16 March 2004
Tenth Anniversary of Rwanda Genocide Should Prompt Remorse, Resolve Says Secretary-General to Ottawa Symposium
NEW YORK, 13 March (UN Headquarters) -- Following is Secretary-General Kofi Annans message to the Symposium on the Media and the Rwanda Genocide at Carleton University School of Journalism and Communication in Ottawa, 13 March:
When, on 7 April, people around the world commemorate the tenth anniversary of the Rwandan genocide, that observance should be filled not only with remorse, but with resolve.
We must remember the victims -- the hundreds of thousands of men, women and children abandoned to systematic slaughter while the world, which had the capacity to save most of them, failed to save more than a handful, forever sullying the collective conscience. We must also help the survivors still struggling with the physical and psychological scars. But most of all, we must pledge -- to ourselves as moral beings and to each other as a human community -- to act boldly, including through military action when no other course will work, to ensure that such a denial of our common humanity is never allowed to happen again.
The United Nations has now had 10 years to reflect on the bitter knowledge that genocide happened while United Nations peacekeepers were on the ground in Rwanda, and to learn lessons that all humankind should have learned from previous genocides. We are determined to sound the alarm about emerging crises and to help countries tackle the root causes of their problems. I expect soon to appoint a United Nations special adviser on the prevention of genocide, and to make other proposals for strengthening our action in this area.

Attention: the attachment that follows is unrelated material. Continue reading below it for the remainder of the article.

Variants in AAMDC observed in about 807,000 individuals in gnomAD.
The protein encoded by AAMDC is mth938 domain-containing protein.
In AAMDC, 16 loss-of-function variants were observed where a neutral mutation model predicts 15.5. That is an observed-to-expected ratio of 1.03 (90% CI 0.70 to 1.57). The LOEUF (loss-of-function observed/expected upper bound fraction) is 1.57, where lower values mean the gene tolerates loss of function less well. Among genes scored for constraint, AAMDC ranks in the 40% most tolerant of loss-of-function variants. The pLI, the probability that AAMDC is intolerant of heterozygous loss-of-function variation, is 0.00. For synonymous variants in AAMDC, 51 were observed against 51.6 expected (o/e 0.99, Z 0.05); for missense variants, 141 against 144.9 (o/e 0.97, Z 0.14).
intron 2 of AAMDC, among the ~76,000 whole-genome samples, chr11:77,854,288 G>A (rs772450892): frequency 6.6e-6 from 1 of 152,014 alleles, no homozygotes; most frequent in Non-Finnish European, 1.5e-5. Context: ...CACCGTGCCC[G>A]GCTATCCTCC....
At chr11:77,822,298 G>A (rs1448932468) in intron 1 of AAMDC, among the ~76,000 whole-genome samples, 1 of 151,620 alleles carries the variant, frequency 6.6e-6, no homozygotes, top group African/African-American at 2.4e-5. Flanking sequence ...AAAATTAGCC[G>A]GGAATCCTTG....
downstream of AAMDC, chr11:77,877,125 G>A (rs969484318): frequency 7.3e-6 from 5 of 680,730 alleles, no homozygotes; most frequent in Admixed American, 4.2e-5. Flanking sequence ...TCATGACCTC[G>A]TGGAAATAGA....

It is encouraging to know that the news media are also undertaking a process of self-examination as we collectively remember this tragedy. Media were used in Rwanda to spread hatred, to dehumanize people, and even to guide the genocidaires toward their victims. Three journalists have even been found guilty of genocide, incitement to genocide, conspiracy and crimes against humanity by the International Criminal Tribunal for Rwanda. We must find a way to respond to such abuses of power without violating the principles of freedom, which are an indispensable cornerstone of democracy.
I am glad that you are confronting these and other questions, including the role of the international media, especially at a school where future journalists are being trained. Such training must include reflection on the responsibilities of their chosen profession.
There can be no more important issue, and no more binding obligation, than the prevention of genocide. The world has made some progress in understanding the responsibility to protect. Yet it is still not clear, were the signs of impending genocide to be seen somewhere today, that the world would mount an effective response. I hope that all of us, as diplomats, journalists, government officials or just concerned citizens, will act promptly and effectively, each within our sphere of influence, to halt genocide wherever it occurs -- or better still, to make sure there is no next time.
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